Santa Cruz Mountains
The plant kingdom, oblivious to the humans’ 2020 woes, is having a colossal year in Felton. Fruits trees are burgeoning, especially our fully loaded Mirabelle plum.
First to find the goods is a golden squirrel who is eating for two or more. She appears to have just given birth. We will meet her offspring in a few weeks.
Here you can see that she’s been nursing some babes. She eagerly grabs and eats plum after plum in record time before scurrying off to her young ones.
While eating she takes each plum to the top of the tree. Maternal instinct tells her to be extra cautious when her babies are too young to survive on their own.
Our black squirrel friend neatly peels off the plum skin as he eats. My neighbor dubbed him Edgar. He’s small and quite shy, preferring to eat deep within the tree.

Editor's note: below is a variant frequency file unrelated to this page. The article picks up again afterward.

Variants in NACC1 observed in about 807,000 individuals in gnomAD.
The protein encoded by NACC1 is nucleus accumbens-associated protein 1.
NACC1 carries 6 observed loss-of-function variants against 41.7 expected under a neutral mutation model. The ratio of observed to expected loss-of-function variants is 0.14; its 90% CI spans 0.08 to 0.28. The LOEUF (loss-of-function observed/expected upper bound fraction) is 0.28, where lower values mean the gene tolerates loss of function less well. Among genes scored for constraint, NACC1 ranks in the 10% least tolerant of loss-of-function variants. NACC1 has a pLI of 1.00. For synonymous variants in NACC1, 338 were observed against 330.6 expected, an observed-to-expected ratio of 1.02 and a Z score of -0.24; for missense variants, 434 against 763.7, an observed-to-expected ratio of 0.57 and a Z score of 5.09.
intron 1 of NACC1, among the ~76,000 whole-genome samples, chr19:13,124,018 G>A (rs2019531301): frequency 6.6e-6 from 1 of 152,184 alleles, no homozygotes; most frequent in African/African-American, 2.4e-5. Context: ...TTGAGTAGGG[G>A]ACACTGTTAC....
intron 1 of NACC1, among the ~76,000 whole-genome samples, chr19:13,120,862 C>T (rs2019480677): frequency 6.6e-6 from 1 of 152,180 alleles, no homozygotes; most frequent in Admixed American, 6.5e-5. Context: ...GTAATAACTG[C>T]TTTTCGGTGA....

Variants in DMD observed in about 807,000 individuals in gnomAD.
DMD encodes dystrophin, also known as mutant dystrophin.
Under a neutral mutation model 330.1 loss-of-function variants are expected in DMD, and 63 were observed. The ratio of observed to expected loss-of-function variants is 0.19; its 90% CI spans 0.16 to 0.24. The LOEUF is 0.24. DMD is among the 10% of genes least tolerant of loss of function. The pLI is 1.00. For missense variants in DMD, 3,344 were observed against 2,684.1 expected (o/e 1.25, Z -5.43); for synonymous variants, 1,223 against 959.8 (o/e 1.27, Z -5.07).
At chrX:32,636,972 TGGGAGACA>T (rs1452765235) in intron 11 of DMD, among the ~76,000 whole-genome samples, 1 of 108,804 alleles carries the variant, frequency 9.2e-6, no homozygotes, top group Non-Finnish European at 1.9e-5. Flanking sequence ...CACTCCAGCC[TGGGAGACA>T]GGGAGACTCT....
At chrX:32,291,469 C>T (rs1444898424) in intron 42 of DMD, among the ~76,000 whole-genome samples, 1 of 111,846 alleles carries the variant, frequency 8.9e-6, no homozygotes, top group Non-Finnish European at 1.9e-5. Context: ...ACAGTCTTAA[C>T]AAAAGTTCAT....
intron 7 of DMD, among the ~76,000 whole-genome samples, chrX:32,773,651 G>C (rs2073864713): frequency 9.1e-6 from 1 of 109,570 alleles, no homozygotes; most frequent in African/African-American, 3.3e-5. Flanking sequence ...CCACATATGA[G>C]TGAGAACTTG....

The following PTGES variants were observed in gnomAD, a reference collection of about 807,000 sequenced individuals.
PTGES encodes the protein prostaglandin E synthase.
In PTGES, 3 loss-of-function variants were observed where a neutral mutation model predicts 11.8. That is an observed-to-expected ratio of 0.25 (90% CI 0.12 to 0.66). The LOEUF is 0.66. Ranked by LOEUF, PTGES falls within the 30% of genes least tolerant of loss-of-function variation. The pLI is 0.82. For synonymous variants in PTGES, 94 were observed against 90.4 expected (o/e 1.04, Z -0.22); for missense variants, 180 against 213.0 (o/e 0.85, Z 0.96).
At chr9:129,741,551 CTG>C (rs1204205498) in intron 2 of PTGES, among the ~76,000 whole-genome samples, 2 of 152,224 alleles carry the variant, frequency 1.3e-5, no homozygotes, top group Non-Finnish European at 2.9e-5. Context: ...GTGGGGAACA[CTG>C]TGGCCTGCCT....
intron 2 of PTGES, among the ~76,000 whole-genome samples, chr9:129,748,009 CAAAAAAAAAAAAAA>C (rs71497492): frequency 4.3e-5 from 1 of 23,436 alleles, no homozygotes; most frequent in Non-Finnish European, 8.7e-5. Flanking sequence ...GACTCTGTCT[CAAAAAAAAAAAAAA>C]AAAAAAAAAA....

A baby robin is one of the plum’s first bird visitors. He prefers eating bites of fruit from the ground rather than the tree. He surveys the yard carefully from a perch, then hops down to eat.
A young Steller jay also surveys the area carefully before dining. He prefers the plum's pit to its fruit. After cracking each pit open, he swallows the inner plum kernel with great relish.
The season gets older and the plums messier before an adult robin shows up. Less dainty than the baby, he bolts down enormous chunks of fruit with each bite.
Last of all to dine are the bees. Old fermenting plums provide a sugary, alcoholic nectar that is irresistible. They seem happy to share their discovery with others.
Late season plums in the afternoon sun are also perfect for human consumption. So sunny and delicious, they’re worth the inevitable patio scrubbing that must follow.